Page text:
Meitheamh 2019

The following events are planned for June:

5th – 12th. Our Choir will visit Krk, Croatia.

7th. Friday. Social Coffee Morning. Clayton Silver Springs Hotel. 11a.m.

13th. Thursday. Amble. The Gearagh.

19th. Wednesday. SUMMER MEETING. Oriel House Hotel. 12p.m.

26th. Wednesday. Hillwalkers. Darragh Woods, led by Nora Farrissey and Máiréad Twomey.

Details of times and meeting points will be sent by text message and email (hillwalks).

A reminder to download the Text-a-Parent app. Never miss a text from RTAI, and store all your RTAI messages in one place!

 

Lough Hyne and Cape Clear

 

“I know a lake where the cool waves break,

And softly fall on the silver sand –

And no steps intrude on that solitude

And no voice, save mine, disturbs the strand”

 Such is the description given by Fitzjames O’Brien of the beautiful Lough Hyne which was the first port of call for the RTAI group, who enjoyed a wonderful two days of walking and talking in stunning West Cork.  While the weather was inclement on the 7th of May for our first walk, it didn’t dampen the enthusiasm or enjoyment of anyone.  This was a looped walk which headed from Lough Hyne to Barlogue Beach and back again and took 1.5 hours.    For those who stayed overnight in Baltimore, a wonderful meal was had in The Waterfront Bar with all looking forward to our trip to Cape Clear on the Wednesday.

Fortunately, the weather proved friendly as 38 explorers headed out of Baltimore Harbour to one of Carbery’s  100 isles.  We were greeted by Diarmuid O Drisceoil who lead the group on an historical guided tour of the island which lasted for 4 hours.  History is often described as the extraordinary stories of ordinary people;  this perfectly described the tour given by Diarmuid as he took us through the history of the island as lived by ordinary people especially members of his own family who originated from the island.

On leaving Cape Clear and heading back into Baltimore Harbour, all were agreed that the trip was most enjoyable and informative and that the arrangements made by Clare Shelley facilitated a wonderful few days.

Thanks to Seán McCarthy for this recount of a wonderful visit to Lough Hyne and Cape Clear.  Thanks to all who sent photos of the trip. 

Rolling back the years on the Old Kenmare Road

Once we had gathered in Muckross, Clare Shelley ensured that the 36 of us came under “Starter’s Orders”. The bus ride from Muckross House car park to Derrycunnihy Church (courtesy of the RTAI), had an air of expectancy, a reminder of the buzz of the school tour of yore. A welcome sight on board was newcomers adding to the vigour of our group. The dark grey clouds as we sped along took turns with beckoning sunshine, vivid reminders that we tip-toed between a “sweat-fest” and a serious drenching.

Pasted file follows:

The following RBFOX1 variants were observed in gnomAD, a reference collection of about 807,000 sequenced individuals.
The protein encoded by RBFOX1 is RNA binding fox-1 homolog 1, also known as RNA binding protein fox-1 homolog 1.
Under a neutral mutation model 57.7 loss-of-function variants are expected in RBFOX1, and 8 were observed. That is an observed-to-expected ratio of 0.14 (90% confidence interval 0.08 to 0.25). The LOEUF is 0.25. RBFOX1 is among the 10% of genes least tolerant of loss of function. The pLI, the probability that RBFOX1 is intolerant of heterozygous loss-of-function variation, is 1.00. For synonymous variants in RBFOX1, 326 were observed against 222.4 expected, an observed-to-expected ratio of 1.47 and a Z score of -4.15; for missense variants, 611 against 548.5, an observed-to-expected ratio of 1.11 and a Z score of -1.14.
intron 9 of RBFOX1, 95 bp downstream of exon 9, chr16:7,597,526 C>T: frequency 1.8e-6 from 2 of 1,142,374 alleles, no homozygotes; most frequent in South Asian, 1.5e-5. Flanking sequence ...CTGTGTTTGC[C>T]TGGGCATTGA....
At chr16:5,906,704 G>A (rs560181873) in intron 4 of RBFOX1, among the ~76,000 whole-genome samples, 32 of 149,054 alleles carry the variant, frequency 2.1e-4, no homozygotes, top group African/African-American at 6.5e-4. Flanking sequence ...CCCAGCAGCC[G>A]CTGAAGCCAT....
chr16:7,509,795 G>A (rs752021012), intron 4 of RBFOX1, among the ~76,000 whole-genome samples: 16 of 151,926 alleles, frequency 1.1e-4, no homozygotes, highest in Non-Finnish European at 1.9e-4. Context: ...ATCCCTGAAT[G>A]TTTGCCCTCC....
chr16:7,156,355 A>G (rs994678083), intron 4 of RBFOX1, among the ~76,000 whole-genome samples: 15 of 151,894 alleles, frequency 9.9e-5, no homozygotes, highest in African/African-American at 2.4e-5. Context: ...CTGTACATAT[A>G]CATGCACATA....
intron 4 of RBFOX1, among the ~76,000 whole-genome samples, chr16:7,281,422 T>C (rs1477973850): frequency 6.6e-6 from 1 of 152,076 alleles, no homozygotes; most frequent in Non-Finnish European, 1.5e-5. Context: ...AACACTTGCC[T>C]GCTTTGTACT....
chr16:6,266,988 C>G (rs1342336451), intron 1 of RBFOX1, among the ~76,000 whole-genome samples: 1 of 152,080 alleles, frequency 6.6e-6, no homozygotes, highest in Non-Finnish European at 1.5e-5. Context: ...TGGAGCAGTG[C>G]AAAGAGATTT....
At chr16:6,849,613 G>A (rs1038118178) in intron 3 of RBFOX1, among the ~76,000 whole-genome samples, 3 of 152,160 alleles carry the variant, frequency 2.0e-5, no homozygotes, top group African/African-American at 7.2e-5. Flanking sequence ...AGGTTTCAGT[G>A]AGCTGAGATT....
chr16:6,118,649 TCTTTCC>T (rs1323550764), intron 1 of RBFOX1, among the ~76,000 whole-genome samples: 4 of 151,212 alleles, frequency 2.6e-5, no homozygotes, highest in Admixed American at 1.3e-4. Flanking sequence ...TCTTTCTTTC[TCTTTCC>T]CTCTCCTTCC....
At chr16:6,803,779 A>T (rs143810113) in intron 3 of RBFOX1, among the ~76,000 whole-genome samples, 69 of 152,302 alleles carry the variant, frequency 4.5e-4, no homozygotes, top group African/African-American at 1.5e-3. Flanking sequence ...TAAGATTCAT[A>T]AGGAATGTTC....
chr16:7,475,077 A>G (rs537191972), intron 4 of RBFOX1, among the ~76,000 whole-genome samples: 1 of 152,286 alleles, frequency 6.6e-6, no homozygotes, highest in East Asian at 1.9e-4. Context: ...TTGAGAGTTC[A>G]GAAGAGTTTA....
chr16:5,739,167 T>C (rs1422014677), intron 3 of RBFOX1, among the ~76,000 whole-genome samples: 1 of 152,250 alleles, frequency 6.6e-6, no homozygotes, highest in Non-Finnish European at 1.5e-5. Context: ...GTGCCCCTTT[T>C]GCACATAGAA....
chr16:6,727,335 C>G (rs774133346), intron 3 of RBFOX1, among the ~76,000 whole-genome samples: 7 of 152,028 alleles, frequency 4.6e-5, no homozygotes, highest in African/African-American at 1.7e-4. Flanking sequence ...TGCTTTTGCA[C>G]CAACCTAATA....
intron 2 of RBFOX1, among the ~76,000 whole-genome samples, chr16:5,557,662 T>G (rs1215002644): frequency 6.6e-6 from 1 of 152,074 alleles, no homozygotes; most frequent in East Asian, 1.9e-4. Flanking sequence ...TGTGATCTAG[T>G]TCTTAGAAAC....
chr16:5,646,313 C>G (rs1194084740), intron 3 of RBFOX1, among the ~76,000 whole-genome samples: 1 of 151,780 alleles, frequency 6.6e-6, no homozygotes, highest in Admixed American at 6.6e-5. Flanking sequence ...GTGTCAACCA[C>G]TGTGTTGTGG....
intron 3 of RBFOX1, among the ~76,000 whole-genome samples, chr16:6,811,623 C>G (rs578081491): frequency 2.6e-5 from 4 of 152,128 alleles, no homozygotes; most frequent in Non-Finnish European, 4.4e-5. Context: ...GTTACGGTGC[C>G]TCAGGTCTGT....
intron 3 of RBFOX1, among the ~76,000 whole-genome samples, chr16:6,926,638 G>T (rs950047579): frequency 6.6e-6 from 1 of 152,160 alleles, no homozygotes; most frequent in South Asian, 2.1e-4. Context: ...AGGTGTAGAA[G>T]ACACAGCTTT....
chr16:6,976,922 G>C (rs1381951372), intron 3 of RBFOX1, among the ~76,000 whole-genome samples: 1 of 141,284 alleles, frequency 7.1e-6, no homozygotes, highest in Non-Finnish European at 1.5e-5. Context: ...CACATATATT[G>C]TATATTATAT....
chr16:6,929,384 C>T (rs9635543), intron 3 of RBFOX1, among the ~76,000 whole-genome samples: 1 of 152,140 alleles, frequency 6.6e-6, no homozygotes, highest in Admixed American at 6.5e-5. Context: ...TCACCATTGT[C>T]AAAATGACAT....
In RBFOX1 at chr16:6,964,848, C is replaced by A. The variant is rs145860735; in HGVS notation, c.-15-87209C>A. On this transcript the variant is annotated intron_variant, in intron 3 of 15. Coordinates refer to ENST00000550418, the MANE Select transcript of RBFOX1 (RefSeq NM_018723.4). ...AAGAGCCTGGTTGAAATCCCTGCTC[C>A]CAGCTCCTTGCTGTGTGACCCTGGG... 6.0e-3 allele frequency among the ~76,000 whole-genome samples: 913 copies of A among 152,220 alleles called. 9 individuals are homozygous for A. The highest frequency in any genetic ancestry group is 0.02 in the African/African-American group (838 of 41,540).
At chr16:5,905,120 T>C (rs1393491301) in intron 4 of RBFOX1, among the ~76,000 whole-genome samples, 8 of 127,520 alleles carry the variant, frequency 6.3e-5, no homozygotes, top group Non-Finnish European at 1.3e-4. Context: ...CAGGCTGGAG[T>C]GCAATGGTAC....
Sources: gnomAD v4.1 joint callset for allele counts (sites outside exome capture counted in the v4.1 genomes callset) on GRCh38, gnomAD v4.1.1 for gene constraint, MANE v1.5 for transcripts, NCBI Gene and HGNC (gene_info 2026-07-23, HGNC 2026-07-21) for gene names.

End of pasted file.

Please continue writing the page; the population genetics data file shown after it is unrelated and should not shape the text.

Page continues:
Pat Crowley was our Moses, as we began our wanderings in primeval oak forest, bog, dirt road and raised walk-way. Contrary to his detailed recce notes, the first stage, once blended with the chat and zest of us let loose, ran from 60 to 90 minutes! Meanwhile James covered every angle of walking and resting, as evidenced by the accompanying photos.

The early going was a gently rising slope with little sign of spring. Equally shy were the pine marten and white-tailed eagle, who probably kept a covert eye on us. How wise of God to entrust the care of the Kingdom to the good people of Kerry. No doubt He knew they would mind it and share it. We in turn would not begrudge them a good living from such care and service, delivered with good humour.

In the “always a teacher” tag we bear, having examined the graffiti of James Ó Neill 1815, we concluded he was ready to begin joined-up writing soon.

Post lunch, by a waterfall, the pathway climbed upwards and the sleepy, lazy furze of earlier was now “unprofitably gay”. This prompted an outburst of Oliver Goldsmith’s “The Village Master taught his little school” etc. The polite walkers stealing a breather on the steep hill, gave all the appearance of a generous audience. The reciter was happy to parse the audience no further!

Farther along the path, K. in a modern version of “the lady drops her handkerchief”… dropped her water bottle into the raging torrent [Editor’s note: Tiny gentle stream?] Two latter-day gentlemen risked all to retrieve the bottle and a goodly share of the brownie points!!

At the risk of our grub getting cold at the Killarney Oaks Hotel, the pace quickened. In brave defiance of the forecast (thunder showers and gales), the shower at walk’s end seemed a sort of blessing. We descended below Torc Waterfall, with a brief nod of appreciation to a much-loved landmark.

Soon, we were back at the car park in right good spirits; the combined great outdoors and our physical exertions yielded a natural “high”.  P, on removing his shirt drew a small but appreciative audience, but thankfully did not frighten the horses.

Our hotel was deceptively small-looking from the outside, but once we made it inside, the food and service was perfect for our needs. All in all, it was a very special outing in a most beautiful setting.

Bhí lá dár saol againn i gCill Áirne. Maith sibh, ár gCoiste!

Ár mbuíochas le Seán Ó Callanáin as an tuairisc fairsing, saoithiúil seo.

Buíochas freisin le chuile duine a sheoil chugainn na griangrafanna .

 

 

Corrin Amble